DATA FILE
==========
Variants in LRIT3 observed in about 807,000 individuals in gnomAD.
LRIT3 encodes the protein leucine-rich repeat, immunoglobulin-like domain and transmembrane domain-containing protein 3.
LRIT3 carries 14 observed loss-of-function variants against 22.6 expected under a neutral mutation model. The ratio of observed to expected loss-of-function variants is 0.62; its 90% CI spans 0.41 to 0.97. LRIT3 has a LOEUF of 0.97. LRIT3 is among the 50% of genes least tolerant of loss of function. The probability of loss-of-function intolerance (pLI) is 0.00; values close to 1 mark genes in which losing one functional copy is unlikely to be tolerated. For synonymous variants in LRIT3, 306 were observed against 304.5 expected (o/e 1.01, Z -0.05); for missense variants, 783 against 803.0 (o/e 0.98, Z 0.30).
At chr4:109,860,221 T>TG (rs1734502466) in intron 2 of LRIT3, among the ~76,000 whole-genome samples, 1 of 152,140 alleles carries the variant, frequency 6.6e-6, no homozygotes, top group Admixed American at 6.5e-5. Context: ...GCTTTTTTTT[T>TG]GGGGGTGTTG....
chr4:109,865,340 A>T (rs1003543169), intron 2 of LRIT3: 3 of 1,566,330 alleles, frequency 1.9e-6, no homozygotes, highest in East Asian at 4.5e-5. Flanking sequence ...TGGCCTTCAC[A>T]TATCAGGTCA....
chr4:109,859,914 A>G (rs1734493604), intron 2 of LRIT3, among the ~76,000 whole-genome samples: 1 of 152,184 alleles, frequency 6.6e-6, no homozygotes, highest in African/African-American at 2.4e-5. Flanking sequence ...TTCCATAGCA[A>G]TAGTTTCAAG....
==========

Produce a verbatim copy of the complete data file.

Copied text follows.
Variants in LRIT3 observed in about 807,000 individuals in gnomAD.
LRIT3 encodes the protein leucine-rich repeat, immunoglobulin-like domain and transmembrane domain-containing protein 3.
LRIT3 carries 14 observed loss-of-function variants against 22.6 expected under a neutral mutation model. The ratio of observed to expected loss-of-function variants is 0.62; its 90% CI spans 0.41 to 0.97. LRIT3 has a LOEUF of 0.97. LRIT3 is among the 50% of genes least tolerant of loss of function. The probability of loss-of-function intolerance (pLI) is 0.00; values close to 1 mark genes in which losing one functional copy is unlikely to be tolerated. For synonymous variants in LRIT3, 306 were observed against 304.5 expected (o/e 1.01, Z -0.05); for missense variants, 783 against 803.0 (o/e 0.98, Z 0.30).
At chr4:109,860,221 T>TG (rs1734502466) in intron 2 of LRIT3, among the ~76,000 whole-genome samples, 1 of 152,140 alleles carries the variant, frequency 6.6e-6, no homozygotes, top group Admixed American at 6.5e-5. Context: ...GCTTTTTTTT[T>TG]GGGGGTGTTG....
chr4:109,865,340 A>T (rs1003543169), intron 2 of LRIT3: 3 of 1,566,330 alleles, frequency 1.9e-6, no homozygotes, highest in East Asian at 4.5e-5. Flanking sequence ...TGGCCTTCAC[A>T]TATCAGGTCA....
chr4:109,859,914 A>G (rs1734493604), intron 2 of LRIT3, among the ~76,000 whole-genome samples: 1 of 152,184 alleles, frequency 6.6e-6, no homozygotes, highest in African/African-American at 2.4e-5. Flanking sequence ...TTCCATAGCA[A>G]TAGTTTCAAG....